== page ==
Crying

In recent days my mood has been along those lines due to the incredible disaster that is my life right now, but it’s a pure co-incidence that yesterday I found a song of the same name by Roy Orbison which has moved me to make this post…

I have always liked the well known Roy Orbison songs. I’m also aware of his tragic life, and how it’s such a shame that a talented bloke like him would suffer in that way. So yesterday I borrowed a DVD from my gran’s house about the Big O himself, a biography filled with his music.

On there I came across the song that is the name of this post. I heard a live performance of it, just Roy on his own, and thought it was something very special indeed. His ghostly, operatic voice, soaring with falsetto, building up to the crescendo at the end… just truly magical. The theme of the song is as you’d expect from a song that has such a name, but somehow it doesn’t feel cliched or contrived, like most songs about love and loss do these days.

Once more I am left in awe about the power of music. The rest of the DVD also contained songs which I will have to investigate. Perhaps even ask for a Roy Orbison CD for Christmas. I think of myself as being very lucky to be able to like music of all types from all eras. It means I can absorb such a vast range of moods, lyrics, great riffs and melodies from a massive array of talent, and all without feeling the snobbisheness and aloofness that people who like “real music” often burden themselves with. My motto is: if it’s good music, it’s good music. 

(And, incidentally, that is also how I justify to myself watching X Factor, which always brings me a moment of embarrassment… my excuse being that a good singer is a good singer and always worth listening to! Methinks I do protest too much)

I’ve been spending more time lately playing my guitar after a fairly lengthy absence from it. The guitar has frustrated me now for seven years, simply because I have never passed an intermediate level of skill on it. But I know why, because I don’t have the discipline. I know full well that if I played it for an hour each day and tried to learn a new song or new riff at least once I week I would make definite progress. But I don’t. I’m lucky if I play it once a week, and haven’t learned a new song in months.

So I think I should put this right. And if I did get good, maybe I could find a friend and go out busking. I would love that, seriously. Whether I’d have the bottle to do it is another matter. I am often full of good intentions which are never fulfilled. This, to me, sounds like I’m building up another hostage to fortune…

But in any case, it is providing me with a useful distraction right now. That can only be a good thing, because I really could do without sliding into a depression the likes of which I’ve not been in for several years. I just need a break, a lucky one.

Perhaps I should view the returning of my Icesave money, which should be complete by next week, as a good sign…

Indulgent Pet Posting

I don’t often (ever?) write about the pets that we have here in this house. That’s largely because that kind of blog is what I deliberately set out to avoid. I wouldn’t be interested in hearing about someone else’s cat/dog/goldfish, unless there’s some anecdotal value, for example. I’ve only ever written about our dog when it’s been relevant to my life…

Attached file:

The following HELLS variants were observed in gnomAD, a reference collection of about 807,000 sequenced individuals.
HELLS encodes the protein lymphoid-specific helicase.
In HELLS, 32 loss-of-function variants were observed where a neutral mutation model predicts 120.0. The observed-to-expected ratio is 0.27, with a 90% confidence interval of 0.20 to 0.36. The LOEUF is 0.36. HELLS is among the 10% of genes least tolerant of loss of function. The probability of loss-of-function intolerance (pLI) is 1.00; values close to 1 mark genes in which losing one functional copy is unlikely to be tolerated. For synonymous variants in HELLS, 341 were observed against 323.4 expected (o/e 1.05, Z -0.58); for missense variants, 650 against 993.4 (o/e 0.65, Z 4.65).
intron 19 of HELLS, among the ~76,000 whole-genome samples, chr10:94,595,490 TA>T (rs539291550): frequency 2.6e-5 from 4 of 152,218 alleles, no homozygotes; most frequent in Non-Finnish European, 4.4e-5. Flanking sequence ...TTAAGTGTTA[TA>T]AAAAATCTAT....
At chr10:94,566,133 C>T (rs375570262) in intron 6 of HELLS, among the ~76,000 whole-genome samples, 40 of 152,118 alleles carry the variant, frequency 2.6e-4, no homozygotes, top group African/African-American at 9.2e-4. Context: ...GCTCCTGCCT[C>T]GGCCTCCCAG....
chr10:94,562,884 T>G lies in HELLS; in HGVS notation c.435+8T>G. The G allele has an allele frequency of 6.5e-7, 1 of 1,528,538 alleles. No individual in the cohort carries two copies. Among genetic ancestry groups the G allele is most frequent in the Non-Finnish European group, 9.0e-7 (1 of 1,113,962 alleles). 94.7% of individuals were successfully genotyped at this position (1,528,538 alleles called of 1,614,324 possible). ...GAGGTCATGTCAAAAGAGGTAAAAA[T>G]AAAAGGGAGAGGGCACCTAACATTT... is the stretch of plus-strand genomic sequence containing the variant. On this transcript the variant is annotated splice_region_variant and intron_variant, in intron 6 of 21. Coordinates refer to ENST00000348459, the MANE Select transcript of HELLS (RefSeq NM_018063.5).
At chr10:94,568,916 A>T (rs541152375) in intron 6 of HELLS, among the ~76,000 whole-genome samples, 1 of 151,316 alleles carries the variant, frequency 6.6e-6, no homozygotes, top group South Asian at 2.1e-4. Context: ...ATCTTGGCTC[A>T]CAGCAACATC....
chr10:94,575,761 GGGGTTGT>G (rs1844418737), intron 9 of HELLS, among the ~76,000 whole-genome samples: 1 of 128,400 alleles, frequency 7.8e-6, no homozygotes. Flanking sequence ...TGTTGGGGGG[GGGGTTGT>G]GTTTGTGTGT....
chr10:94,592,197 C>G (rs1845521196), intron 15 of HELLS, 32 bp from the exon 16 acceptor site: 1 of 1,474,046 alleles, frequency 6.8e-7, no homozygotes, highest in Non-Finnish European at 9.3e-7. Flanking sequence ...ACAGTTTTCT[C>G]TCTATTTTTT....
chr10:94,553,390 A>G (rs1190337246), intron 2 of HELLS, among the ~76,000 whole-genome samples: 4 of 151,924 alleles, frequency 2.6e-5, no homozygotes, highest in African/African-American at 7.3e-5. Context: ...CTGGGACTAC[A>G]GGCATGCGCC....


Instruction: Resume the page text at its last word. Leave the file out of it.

But I have to part with tradition just this one because yesterday, alas, our last guinea pig died. This time last year, our other guinea pig died, so we’ve now lost two beloved pets in the space of a year. All we have left now is the dog, which is increasingly a nuisance.

I was surprised at just how much this loss has hit me. The dearly departed Spud was such an awesome guinea pig. He was happy, lively, excitable and very very placid. Over the years I’ve been used to having pets that have, somehow or other, all been nasty, aggressive and not liked to be handled. Rabbits, hamsters, gerbils, one dog… they’ve all been quite unsociable animals.

This may, however, have been because all our previous pets have always been a little bit older than babies when we’ve bought them, and most of them have not been used to being friendly with humans. And, of course, because me and my siblings were younger, we couldn’t help but torment them just a little, perhaps encouraging them to dislike being picked up…

This time with Spud, though, we had it from really young. The youngest pet we’ve ever bought. And it lived with us for five years. He was probably the best pet we’ve ever had. Friendly, approachable and full of amusing quirks.

Spud

Spud

Our guinea pig that died last year, Spike, was not quite as friendly. In fact, he was a bit of a sulk. It liked to be chased when you were trying to pick it up. But it was still a nice pet, and one of the best we’ve ever had. Especially the way the two guineas interacted with each other. That was always funny to watch.

Spike

Spike

But now both of them have gone. They must have both been about five years old, which is a little disappointing. We thought we’d get about six years out of them, most sources I’ve read seem to suggest they live between four and eight years.

I was so upset about it yesterday. Still am a bit today. But it’s amazing how much your emotions copy other people. I didn’t want to cry about it, sad though I was, but when I saw my mum and sister in floods of tears my brain decided to join in the party.

The poor buggers will be dearly missed. They brought a lot of joy and happiness in the short time they lived with us. So long, dudes.